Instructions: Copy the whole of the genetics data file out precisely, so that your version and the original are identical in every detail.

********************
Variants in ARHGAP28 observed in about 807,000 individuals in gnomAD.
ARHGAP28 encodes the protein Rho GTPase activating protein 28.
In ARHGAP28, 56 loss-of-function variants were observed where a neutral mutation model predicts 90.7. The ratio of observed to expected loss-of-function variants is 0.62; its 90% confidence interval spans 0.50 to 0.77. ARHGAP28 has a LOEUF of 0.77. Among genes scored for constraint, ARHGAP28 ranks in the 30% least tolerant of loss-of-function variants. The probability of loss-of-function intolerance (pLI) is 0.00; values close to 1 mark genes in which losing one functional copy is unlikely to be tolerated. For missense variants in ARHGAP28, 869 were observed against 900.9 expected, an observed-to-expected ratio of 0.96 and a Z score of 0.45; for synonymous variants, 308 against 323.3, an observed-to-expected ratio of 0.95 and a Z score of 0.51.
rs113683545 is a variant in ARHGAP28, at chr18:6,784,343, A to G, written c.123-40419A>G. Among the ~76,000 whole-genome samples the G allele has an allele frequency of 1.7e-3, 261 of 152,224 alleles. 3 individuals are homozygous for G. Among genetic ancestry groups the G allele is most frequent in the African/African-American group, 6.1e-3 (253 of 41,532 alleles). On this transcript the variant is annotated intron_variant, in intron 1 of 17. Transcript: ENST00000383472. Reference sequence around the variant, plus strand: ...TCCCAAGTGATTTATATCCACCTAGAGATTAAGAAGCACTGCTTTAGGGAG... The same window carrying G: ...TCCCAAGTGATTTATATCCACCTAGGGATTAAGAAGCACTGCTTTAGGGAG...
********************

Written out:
Variants in ARHGAP28 observed in about 807,000 individuals in gnomAD.
ARHGAP28 encodes the protein Rho GTPase activating protein 28.
In ARHGAP28, 56 loss-of-function variants were observed where a neutral mutation model predicts 90.7. The ratio of observed to expected loss-of-function variants is 0.62; its 90% confidence interval spans 0.50 to 0.77. ARHGAP28 has a LOEUF of 0.77. Among genes scored for constraint, ARHGAP28 ranks in the 30% least tolerant of loss-of-function variants. The probability of loss-of-function intolerance (pLI) is 0.00; values close to 1 mark genes in which losing one functional copy is unlikely to be tolerated. For missense variants in ARHGAP28, 869 were observed against 900.9 expected, an observed-to-expected ratio of 0.96 and a Z score of 0.45; for synonymous variants, 308 against 323.3, an observed-to-expected ratio of 0.95 and a Z score of 0.51.
rs113683545 is a variant in ARHGAP28, at chr18:6,784,343, A to G, written c.123-40419A>G. Among the ~76,000 whole-genome samples the G allele has an allele frequency of 1.7e-3, 261 of 152,224 alleles. 3 individuals are homozygous for G. Among genetic ancestry groups the G allele is most frequent in the African/African-American group, 6.1e-3 (253 of 41,532 alleles). On this transcript the variant is annotated intron_variant, in intron 1 of 17. Transcript: ENST00000383472. Reference sequence around the variant, plus strand: ...TCCCAAGTGATTTATATCCACCTAGAGATTAAGAAGCACTGCTTTAGGGAG... The same window carrying G: ...TCCCAAGTGATTTATATCCACCTAGGGATTAAGAAGCACTGCTTTAGGGAG...